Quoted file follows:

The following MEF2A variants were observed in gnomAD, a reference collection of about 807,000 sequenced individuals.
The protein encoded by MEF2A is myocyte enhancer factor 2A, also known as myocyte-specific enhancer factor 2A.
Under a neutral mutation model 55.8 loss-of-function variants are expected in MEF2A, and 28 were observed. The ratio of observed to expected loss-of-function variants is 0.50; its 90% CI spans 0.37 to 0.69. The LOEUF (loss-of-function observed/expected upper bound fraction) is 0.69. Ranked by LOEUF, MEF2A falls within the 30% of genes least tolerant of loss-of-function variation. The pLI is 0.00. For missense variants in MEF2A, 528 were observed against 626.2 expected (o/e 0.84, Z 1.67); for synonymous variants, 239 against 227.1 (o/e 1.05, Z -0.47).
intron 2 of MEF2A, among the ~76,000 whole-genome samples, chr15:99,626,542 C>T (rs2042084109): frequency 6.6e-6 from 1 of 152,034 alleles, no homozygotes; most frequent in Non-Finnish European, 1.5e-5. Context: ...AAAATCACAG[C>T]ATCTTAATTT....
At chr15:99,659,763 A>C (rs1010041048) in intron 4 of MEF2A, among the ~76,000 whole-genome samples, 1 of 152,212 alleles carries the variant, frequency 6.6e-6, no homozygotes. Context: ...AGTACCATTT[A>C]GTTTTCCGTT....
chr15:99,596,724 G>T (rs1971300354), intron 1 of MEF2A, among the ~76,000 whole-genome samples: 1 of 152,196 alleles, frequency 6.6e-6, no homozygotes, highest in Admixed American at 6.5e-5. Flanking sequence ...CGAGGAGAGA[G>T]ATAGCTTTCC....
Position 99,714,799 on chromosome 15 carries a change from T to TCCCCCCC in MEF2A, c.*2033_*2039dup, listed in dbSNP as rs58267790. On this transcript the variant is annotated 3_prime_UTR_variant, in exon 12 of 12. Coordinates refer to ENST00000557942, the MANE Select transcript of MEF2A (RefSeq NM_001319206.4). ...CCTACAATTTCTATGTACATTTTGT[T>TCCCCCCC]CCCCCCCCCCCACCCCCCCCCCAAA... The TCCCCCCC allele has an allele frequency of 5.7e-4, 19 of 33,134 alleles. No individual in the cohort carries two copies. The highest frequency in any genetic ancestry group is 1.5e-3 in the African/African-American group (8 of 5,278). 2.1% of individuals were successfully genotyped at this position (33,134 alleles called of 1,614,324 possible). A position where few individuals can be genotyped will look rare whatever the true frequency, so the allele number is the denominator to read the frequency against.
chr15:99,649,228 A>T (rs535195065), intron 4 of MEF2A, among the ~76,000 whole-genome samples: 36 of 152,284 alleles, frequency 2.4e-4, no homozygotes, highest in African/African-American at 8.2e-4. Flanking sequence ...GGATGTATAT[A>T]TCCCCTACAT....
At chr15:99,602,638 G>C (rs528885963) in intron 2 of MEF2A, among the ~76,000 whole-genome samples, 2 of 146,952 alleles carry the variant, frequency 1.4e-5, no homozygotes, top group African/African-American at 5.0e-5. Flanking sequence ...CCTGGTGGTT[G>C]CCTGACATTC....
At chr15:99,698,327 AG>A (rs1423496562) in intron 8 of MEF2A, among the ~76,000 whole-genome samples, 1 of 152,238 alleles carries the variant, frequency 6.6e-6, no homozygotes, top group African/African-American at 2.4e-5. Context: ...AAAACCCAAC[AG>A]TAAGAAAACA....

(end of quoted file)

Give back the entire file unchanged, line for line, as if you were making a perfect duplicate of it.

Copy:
The following MEF2A variants were observed in gnomAD, a reference collection of about 807,000 sequenced individuals.
The protein encoded by MEF2A is myocyte enhancer factor 2A, also known as myocyte-specific enhancer factor 2A.
Under a neutral mutation model 55.8 loss-of-function variants are expected in MEF2A, and 28 were observed. The ratio of observed to expected loss-of-function variants is 0.50; its 90% CI spans 0.37 to 0.69. The LOEUF (loss-of-function observed/expected upper bound fraction) is 0.69. Ranked by LOEUF, MEF2A falls within the 30% of genes least tolerant of loss-of-function variation. The pLI is 0.00. For missense variants in MEF2A, 528 were observed against 626.2 expected (o/e 0.84, Z 1.67); for synonymous variants, 239 against 227.1 (o/e 1.05, Z -0.47).
intron 2 of MEF2A, among the ~76,000 whole-genome samples, chr15:99,626,542 C>T (rs2042084109): frequency 6.6e-6 from 1 of 152,034 alleles, no homozygotes; most frequent in Non-Finnish European, 1.5e-5. Context: ...AAAATCACAG[C>T]ATCTTAATTT....
At chr15:99,659,763 A>C (rs1010041048) in intron 4 of MEF2A, among the ~76,000 whole-genome samples, 1 of 152,212 alleles carries the variant, frequency 6.6e-6, no homozygotes. Context: ...AGTACCATTT[A>C]GTTTTCCGTT....
chr15:99,596,724 G>T (rs1971300354), intron 1 of MEF2A, among the ~76,000 whole-genome samples: 1 of 152,196 alleles, frequency 6.6e-6, no homozygotes, highest in Admixed American at 6.5e-5. Flanking sequence ...CGAGGAGAGA[G>T]ATAGCTTTCC....
Position 99,714,799 on chromosome 15 carries a change from T to TCCCCCCC in MEF2A, c.*2033_*2039dup, listed in dbSNP as rs58267790. On this transcript the variant is annotated 3_prime_UTR_variant, in exon 12 of 12. Coordinates refer to ENST00000557942, the MANE Select transcript of MEF2A (RefSeq NM_001319206.4). ...CCTACAATTTCTATGTACATTTTGT[T>TCCCCCCC]CCCCCCCCCCCACCCCCCCCCCAAA... The TCCCCCCC allele has an allele frequency of 5.7e-4, 19 of 33,134 alleles. No individual in the cohort carries two copies. The highest frequency in any genetic ancestry group is 1.5e-3 in the African/African-American group (8 of 5,278). 2.1% of individuals were successfully genotyped at this position (33,134 alleles called of 1,614,324 possible). A position where few individuals can be genotyped will look rare whatever the true frequency, so the allele number is the denominator to read the frequency against.
chr15:99,649,228 A>T (rs535195065), intron 4 of MEF2A, among the ~76,000 whole-genome samples: 36 of 152,284 alleles, frequency 2.4e-4, no homozygotes, highest in African/African-American at 8.2e-4. Flanking sequence ...GGATGTATAT[A>T]TCCCCTACAT....
At chr15:99,602,638 G>C (rs528885963) in intron 2 of MEF2A, among the ~76,000 whole-genome samples, 2 of 146,952 alleles carry the variant, frequency 1.4e-5, no homozygotes, top group African/African-American at 5.0e-5. Flanking sequence ...CCTGGTGGTT[G>C]CCTGACATTC....
At chr15:99,698,327 AG>A (rs1423496562) in intron 8 of MEF2A, among the ~76,000 whole-genome samples, 1 of 152,238 alleles carries the variant, frequency 6.6e-6, no homozygotes, top group African/African-American at 2.4e-5. Context: ...AAAACCCAAC[AG>A]TAAGAAAACA....